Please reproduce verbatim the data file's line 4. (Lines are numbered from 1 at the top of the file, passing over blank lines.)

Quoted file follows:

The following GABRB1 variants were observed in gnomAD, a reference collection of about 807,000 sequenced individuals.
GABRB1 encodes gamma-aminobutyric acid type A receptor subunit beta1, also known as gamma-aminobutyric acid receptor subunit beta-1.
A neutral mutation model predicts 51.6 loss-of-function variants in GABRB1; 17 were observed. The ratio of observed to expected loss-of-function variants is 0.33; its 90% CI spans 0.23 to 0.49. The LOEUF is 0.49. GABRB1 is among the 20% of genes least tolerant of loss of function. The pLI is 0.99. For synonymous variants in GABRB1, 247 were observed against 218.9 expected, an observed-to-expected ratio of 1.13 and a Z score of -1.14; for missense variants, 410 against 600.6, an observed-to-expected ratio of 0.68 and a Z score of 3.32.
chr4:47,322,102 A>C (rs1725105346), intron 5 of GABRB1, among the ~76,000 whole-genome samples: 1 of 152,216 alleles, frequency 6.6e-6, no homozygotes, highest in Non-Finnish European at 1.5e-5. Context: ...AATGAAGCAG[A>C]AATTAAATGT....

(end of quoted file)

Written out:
chr4:47,322,102 A>C (rs1725105346), intron 5 of GABRB1, among the ~76,000 whole-genome samples: 1 of 152,216 alleles, frequency 6.6e-6, no homozygotes, highest in Non-Finnish European at 1.5e-5. Context: ...AATGAAGCAG[A>C]AATTAAATGT....